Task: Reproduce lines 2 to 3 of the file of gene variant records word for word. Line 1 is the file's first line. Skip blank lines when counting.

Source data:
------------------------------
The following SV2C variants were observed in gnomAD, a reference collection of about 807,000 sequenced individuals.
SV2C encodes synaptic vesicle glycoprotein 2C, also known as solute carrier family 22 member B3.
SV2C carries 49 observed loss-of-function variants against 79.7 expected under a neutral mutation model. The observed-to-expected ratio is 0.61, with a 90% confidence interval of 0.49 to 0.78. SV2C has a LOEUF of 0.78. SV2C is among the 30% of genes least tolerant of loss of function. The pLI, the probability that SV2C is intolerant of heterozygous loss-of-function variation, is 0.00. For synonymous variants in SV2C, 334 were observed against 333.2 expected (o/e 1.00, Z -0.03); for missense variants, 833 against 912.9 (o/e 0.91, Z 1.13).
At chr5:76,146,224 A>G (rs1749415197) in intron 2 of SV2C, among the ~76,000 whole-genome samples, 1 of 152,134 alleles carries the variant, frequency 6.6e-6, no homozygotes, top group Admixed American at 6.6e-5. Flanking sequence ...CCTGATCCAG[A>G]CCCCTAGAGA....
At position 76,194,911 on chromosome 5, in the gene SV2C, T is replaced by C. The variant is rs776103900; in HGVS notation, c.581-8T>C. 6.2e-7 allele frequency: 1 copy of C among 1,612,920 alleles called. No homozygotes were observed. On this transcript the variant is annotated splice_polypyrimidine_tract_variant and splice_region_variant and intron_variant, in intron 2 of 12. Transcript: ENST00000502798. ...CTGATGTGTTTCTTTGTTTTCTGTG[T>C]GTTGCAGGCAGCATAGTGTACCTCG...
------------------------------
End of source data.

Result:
SV2C encodes synaptic vesicle glycoprotein 2C, also known as solute carrier family 22 member B3.
SV2C carries 49 observed loss-of-function variants against 79.7 expected under a neutral mutation model. The observed-to-expected ratio is 0.61, with a 90% confidence interval of 0.49 to 0.78. SV2C has a LOEUF of 0.78. SV2C is among the 30% of genes least tolerant of loss of function. The pLI, the probability that SV2C is intolerant of heterozygous loss-of-function variation, is 0.00. For synonymous variants in SV2C, 334 were observed against 333.2 expected (o/e 1.00, Z -0.03); for missense variants, 833 against 912.9 (o/e 0.91, Z 1.13).